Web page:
Java Program Structure

Java Program Structure

Table of Contents

Documentation Section

Package Statement

Import Statements

Interface Statements

Class Definitions

Main method class


           Main method class


1. Documentation Section

  • It includes basic information about Java program.
  • The information includes the author’s name, data of creation, version, program name, compony name, and description name of the program.
  • To write the statements in decompensation,

we use comments

         The comments may be
1. single-line comments:-
                           // First Java Program
2. multi-line comments
It starts with a   /* and ends, with */   we write between these two symbols.
ex :-
          /* It is an example of 
               multiline comment */

2. Package Statement

In Java, the package statement is used to declare the package to which the current Java file belongs.
The package statement should be the first statement in a Java file, before any import statements or class declarations.
The syntax for the package statement is as follows:
package pakageName;
Where ‘packageName‘ is the name of the package to which the current file belongs.
Package names are typically written in all lowercase letters to avoid any potential name conflicts with class names.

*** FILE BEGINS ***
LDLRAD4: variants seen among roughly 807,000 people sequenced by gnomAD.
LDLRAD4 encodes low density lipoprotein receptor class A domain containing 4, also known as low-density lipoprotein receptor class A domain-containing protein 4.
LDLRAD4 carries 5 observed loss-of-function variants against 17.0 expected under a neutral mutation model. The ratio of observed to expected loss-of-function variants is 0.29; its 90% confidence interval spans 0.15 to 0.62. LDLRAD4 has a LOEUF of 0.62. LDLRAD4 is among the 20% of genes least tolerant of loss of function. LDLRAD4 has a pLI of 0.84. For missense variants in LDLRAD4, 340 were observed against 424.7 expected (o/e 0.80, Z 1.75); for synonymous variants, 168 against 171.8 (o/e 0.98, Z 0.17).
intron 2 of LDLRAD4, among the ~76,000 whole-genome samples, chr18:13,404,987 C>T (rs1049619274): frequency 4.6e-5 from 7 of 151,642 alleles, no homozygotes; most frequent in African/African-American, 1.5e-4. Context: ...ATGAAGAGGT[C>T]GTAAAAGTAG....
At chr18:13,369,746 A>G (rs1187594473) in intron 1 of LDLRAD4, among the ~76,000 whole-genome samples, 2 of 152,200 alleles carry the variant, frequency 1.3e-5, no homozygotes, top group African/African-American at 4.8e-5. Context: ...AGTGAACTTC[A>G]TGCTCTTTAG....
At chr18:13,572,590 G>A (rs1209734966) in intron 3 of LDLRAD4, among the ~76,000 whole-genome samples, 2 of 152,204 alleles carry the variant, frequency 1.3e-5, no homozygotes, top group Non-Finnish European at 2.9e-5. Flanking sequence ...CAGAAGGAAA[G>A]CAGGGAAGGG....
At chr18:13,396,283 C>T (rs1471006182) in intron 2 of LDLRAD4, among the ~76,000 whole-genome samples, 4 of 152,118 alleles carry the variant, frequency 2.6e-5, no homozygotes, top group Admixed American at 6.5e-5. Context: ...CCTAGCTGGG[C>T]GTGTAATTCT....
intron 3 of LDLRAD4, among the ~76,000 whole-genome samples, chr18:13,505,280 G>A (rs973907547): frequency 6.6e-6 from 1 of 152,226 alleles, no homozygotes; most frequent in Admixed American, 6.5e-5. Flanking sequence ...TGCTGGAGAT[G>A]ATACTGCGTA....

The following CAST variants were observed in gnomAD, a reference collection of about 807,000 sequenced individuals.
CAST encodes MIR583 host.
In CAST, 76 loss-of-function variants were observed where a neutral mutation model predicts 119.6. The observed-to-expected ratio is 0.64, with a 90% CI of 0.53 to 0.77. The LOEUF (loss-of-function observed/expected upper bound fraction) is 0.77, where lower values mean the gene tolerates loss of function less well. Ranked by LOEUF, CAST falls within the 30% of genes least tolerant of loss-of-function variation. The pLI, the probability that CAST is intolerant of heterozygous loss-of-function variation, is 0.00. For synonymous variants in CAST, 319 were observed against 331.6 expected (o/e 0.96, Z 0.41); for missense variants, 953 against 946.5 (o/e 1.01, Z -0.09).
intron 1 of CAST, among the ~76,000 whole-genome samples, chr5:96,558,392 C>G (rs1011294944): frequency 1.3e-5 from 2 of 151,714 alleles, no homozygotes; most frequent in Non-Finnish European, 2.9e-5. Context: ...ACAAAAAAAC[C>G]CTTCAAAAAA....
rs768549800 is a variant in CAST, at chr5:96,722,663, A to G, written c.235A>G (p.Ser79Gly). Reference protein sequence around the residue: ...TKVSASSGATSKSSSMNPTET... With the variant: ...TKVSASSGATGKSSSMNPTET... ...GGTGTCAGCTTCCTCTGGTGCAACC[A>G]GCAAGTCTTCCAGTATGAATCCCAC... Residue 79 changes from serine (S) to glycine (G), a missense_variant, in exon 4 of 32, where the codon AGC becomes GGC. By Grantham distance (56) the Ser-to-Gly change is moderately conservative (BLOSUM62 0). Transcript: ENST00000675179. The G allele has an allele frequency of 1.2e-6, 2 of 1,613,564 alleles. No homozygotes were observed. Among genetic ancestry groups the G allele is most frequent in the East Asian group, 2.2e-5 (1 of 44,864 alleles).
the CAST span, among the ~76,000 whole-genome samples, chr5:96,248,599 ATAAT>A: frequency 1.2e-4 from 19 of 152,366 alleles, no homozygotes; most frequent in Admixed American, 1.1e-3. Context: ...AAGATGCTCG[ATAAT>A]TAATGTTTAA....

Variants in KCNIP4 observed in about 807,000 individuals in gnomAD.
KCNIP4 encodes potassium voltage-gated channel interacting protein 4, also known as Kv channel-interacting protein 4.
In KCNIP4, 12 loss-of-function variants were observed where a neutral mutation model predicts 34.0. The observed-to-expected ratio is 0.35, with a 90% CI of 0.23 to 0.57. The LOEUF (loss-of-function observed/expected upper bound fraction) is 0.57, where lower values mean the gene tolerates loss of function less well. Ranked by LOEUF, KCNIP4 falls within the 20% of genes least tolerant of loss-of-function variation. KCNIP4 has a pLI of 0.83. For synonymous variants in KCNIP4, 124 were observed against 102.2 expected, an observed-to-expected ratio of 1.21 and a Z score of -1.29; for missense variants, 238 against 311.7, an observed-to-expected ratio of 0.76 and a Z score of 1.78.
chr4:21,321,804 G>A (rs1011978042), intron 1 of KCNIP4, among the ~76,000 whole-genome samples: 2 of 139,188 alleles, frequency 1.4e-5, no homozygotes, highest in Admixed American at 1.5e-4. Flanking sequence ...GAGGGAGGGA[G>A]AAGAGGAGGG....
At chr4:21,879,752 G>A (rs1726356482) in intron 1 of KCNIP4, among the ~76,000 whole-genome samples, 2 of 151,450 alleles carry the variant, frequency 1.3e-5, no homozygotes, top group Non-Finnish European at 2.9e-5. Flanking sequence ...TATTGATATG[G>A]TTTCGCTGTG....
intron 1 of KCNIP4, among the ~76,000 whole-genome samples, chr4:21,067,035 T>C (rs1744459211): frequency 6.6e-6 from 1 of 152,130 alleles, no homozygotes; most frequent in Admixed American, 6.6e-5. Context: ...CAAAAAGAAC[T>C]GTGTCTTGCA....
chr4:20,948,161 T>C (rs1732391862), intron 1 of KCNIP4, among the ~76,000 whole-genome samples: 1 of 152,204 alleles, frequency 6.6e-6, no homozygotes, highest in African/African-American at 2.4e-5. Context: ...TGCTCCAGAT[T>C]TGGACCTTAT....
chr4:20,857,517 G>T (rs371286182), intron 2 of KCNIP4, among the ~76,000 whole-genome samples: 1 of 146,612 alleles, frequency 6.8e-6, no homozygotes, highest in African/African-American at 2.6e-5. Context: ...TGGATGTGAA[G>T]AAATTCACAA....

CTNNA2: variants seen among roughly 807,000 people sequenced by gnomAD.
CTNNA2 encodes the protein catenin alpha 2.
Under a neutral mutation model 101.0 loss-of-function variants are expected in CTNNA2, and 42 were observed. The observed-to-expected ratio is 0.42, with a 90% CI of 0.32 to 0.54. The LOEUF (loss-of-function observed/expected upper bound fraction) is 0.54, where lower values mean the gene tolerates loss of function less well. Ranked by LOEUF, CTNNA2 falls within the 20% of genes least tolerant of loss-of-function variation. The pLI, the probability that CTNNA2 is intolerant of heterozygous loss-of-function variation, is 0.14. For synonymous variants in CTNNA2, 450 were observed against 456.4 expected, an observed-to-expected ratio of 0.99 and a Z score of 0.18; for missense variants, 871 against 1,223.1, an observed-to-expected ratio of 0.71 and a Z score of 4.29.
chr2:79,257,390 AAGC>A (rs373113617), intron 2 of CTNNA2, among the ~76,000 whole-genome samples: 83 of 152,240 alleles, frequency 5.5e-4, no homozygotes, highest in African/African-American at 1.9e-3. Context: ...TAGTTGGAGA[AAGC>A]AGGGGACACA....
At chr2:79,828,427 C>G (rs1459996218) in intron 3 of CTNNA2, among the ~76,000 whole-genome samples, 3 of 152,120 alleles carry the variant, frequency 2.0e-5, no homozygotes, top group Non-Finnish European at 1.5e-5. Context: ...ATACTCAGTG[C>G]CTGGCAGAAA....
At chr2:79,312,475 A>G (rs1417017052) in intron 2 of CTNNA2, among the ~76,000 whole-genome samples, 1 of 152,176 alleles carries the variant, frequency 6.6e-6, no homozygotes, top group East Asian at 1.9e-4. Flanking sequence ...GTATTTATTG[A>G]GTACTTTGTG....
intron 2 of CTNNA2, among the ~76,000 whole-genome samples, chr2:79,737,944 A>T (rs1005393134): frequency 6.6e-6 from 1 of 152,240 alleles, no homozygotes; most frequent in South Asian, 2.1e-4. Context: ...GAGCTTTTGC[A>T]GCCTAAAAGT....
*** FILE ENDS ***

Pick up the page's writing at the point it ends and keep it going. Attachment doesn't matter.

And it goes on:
when you compile a Java file, the compiler creates a corresponding. ‘.class’ file. The ‘.class’ file is placed in a directory structure that mirrors the package name. 
For example, if your package name is ‘com.example‘, the corresponding ‘.class‘ file will be stored in a directory name ‘com/example‘.
Using package statements in your code helps to organize your classes and reduce naming conflicts, especially when working on large projects with many classes.

3. Import Statement

In Java, import statements are used to allow your code to access classes, interfaces, and other members of a package.
You can import a single class or interface using the following syntax:
import packageName.ClassName;
You can also import all the public classes and interfaces in a package using the asterisk (*) operator:
import packageName.*;
It’s important to note that Java has a default package that contains classes that are not part of any package, so you can use those classes without importing them.
However, it’s considered a good practice to always use explicit import statements to avoid any potential naming conflicts and make your code more readable.

4. Interface Statement

In Java, an interface statement defines a contract between a class and the outside world. An interface defines a set of methods and constants that a class can implement or use, but does not provide an implementation for those methods.
The syntax for declaring an interface in Java is as follows:
assessSpecifier interface InterfaceName {
// Constants and method declarations
Where ‘accessSpecifier‘ can be one of ‘public‘, ‘protected‘, or ‘private‘, and ‘InterfaceName‘ is the name of the interface.
Interface can include method declarations with no method bodies, as well as constant declarations. 
For example:
public interface MyInterface {